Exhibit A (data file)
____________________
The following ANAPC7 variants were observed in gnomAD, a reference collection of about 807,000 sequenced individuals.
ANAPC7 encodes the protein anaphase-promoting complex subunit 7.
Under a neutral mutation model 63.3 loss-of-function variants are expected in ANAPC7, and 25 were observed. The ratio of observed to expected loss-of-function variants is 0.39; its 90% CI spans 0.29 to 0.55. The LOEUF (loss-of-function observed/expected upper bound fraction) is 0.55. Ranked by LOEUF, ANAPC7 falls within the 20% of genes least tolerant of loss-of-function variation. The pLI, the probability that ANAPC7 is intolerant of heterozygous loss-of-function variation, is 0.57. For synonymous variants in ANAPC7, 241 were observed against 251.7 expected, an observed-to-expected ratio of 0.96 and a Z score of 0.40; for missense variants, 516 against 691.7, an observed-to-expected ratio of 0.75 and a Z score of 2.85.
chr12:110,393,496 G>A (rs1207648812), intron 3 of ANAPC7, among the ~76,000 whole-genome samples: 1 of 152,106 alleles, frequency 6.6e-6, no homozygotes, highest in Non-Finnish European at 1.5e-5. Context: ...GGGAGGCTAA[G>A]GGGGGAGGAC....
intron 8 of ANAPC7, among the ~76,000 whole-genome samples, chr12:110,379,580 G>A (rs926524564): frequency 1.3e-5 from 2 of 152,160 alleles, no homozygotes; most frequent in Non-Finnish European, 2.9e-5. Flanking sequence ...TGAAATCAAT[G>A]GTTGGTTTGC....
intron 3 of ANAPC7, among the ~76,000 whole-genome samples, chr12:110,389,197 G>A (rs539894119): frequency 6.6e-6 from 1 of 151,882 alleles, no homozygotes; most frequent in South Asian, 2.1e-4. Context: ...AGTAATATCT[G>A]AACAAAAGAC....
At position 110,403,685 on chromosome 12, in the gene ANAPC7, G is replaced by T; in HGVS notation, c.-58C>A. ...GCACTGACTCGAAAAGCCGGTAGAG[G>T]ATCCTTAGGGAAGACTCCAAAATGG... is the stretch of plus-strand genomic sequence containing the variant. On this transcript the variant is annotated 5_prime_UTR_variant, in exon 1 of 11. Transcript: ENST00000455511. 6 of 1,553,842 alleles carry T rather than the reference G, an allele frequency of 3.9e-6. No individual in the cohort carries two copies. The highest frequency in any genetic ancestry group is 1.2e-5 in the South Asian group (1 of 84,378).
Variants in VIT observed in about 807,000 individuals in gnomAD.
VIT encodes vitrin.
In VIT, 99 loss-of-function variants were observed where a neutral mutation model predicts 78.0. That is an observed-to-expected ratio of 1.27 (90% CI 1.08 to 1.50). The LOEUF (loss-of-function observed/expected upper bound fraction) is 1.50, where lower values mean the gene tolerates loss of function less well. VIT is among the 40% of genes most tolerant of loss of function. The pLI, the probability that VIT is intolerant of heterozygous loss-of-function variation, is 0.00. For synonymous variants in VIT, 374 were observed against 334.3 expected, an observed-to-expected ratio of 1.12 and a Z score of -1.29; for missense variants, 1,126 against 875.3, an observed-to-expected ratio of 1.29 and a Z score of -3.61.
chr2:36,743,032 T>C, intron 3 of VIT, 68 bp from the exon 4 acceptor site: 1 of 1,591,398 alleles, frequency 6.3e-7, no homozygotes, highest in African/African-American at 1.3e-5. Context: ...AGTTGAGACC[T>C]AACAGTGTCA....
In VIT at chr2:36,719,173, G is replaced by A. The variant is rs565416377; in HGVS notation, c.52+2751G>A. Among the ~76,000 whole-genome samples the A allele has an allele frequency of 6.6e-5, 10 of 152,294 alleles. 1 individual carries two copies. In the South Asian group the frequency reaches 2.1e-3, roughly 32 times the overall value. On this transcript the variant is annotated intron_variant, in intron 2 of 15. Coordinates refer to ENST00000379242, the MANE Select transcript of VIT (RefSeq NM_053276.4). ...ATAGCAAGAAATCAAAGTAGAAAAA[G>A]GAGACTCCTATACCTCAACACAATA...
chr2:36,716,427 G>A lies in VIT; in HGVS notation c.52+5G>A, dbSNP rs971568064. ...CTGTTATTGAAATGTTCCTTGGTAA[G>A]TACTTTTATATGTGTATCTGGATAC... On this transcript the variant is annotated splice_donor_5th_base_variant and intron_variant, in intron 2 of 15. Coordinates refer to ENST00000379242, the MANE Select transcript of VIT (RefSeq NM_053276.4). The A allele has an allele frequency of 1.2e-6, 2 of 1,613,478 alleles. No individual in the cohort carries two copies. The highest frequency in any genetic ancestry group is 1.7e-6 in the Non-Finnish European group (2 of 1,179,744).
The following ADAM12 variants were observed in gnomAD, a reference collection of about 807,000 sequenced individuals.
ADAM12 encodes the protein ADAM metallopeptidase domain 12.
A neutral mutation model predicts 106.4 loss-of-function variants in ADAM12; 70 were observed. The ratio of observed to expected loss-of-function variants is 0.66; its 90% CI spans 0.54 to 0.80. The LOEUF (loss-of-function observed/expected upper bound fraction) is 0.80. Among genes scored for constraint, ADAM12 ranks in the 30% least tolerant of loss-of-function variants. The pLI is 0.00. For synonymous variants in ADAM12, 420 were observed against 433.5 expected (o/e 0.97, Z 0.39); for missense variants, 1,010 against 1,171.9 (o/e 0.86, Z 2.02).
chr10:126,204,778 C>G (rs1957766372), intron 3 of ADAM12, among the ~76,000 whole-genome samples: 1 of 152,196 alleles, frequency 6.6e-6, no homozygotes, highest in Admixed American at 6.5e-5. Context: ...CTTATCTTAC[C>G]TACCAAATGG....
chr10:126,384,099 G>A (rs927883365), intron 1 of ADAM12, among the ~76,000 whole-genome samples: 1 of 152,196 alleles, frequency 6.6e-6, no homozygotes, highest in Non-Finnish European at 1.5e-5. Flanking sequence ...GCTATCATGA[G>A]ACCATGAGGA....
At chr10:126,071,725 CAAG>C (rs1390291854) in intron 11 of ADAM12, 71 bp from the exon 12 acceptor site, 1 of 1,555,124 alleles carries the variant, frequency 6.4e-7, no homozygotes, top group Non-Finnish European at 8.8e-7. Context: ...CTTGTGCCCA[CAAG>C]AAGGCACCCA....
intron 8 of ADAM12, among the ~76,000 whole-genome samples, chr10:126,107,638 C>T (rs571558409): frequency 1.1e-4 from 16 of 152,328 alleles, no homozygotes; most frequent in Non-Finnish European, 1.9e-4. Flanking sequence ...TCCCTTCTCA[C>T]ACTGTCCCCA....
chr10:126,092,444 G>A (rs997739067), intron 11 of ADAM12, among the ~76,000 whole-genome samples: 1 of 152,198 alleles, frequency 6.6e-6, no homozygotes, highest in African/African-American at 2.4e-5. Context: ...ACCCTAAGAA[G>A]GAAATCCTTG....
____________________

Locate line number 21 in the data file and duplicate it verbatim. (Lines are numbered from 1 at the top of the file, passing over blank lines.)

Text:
chr10:126,092,444 G>A (rs997739067), intron 11 of ADAM12, among the ~76,000 whole-genome samples: 1 of 152,198 alleles, frequency 6.6e-6, no homozygotes, highest in African/African-American at 2.4e-5. Context: ...ACCCTAAGAA[G>A]GAAATCCTTG....